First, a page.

Jacksonville Sports News, Sam Kouvaris - SamSportsline.com

Baseball, Steroids And You

It’s not hard to discount anything and everything Jose Canseco says. He’s been a self promoter and a characiture for most of his career. In a nutshell, he’s not smart. But he has admitted to using steroids during his career in Major League Baseball, and has implicated most of the big names in baseball in the process.

His book about steroid use explains how, and why, top-notch athletes use performance enhancing drugs to make good athletes better and as Canseco writes, “great players legendary.” It’s not hard to look back at Canseco early in his career and see a very different body style than the one he had as his carrer ended. He was tall and muscular, but was almost wiry. He stole 40 bases and hit 40 home runs in the same season. He ran balls down in the outfield, and legged out doubles with his speed. But as his career progressed, Canseco became a heavily muscled bomber, somewhat injury prone, but more prone to outlandish behavior and prodigous home run blasts.

In other words, the poster boy for steroid use.

Whether he actually injected Mark McGwire with steroids in a bathroom stall in Oakland as he claims in his book is not very relevant. McGwire clearly enhanced his body style and his performace with some kind of substance. He’s admitted to using androstinedione, not a steroid per se, but rather a drug that allows an athlete to work out harder and more often with less recovery time.

McGwire went from a strong, tall home run hitter to a strong, tall, huge home run hitter. No doubt he spent a lot of time in the gym, and no doubt he used drugs to get big. Did Canseco inject him? Did he use illegal drugs? Who cares? Either way he did it with help, and that help put him in the record books with 70 home runs.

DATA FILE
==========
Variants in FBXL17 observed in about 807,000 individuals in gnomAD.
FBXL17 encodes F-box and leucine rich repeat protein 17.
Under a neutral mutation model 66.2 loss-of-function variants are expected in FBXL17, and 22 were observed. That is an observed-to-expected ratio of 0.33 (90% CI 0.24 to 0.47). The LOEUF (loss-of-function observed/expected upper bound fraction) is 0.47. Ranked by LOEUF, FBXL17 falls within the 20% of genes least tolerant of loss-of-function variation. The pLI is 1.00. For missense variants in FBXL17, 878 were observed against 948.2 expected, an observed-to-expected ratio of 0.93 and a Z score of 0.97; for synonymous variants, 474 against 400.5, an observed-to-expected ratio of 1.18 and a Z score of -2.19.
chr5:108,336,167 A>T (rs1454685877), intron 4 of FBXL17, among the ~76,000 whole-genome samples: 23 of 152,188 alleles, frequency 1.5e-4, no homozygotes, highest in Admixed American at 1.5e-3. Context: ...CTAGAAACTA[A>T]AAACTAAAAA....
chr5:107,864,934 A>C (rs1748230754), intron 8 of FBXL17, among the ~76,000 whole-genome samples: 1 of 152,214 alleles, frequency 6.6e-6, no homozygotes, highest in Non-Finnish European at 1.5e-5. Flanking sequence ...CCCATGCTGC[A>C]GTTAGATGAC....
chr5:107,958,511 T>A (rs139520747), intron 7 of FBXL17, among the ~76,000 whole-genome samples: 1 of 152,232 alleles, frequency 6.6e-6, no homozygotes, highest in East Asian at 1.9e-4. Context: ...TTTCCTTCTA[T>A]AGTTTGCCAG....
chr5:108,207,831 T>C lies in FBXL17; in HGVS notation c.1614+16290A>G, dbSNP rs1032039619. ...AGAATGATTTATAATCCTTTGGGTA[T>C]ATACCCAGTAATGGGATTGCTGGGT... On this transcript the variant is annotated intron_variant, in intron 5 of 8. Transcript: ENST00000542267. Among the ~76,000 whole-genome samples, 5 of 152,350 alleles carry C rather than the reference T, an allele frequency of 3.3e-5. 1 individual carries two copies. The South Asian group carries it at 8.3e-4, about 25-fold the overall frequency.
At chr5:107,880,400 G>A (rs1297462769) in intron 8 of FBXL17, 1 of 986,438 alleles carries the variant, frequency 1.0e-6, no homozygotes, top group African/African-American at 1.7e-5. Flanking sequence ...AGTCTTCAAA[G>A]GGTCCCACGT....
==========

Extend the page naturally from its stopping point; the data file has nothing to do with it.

As a fan, just think about the players you know in your mind who went from regular looking pro athletes to sculpted Adonis looking mashers. Barry Bonds, Brady Anderson, Ron Gant, McGwire, Canseco, Sammy Sosa, Ken Caminiti, Roger Clemens, Jason Giambi, Gary Sheffield, all guys who are substially bigger than when their careers started. So were they all on steroids? Did they just get bigger with age and hard work? We’ll never know. Unless of course, more players like Giambi come clean.

Canseco might be a cartoon character, and desperate for money, but at least a portion of his claims are true. Baseball players went outside the game trying to break the bank. And most did. But at what cost? Whether there’s an asterisk or not next to the records, the last ten years will always be known as the time in baseball when the players used drugs to inflate the numbers.

And how about the latest allegations?

Did MLB know this was going on, only to turn a blind eye in order to bring some new excitement to the game?

Boy, I hope not.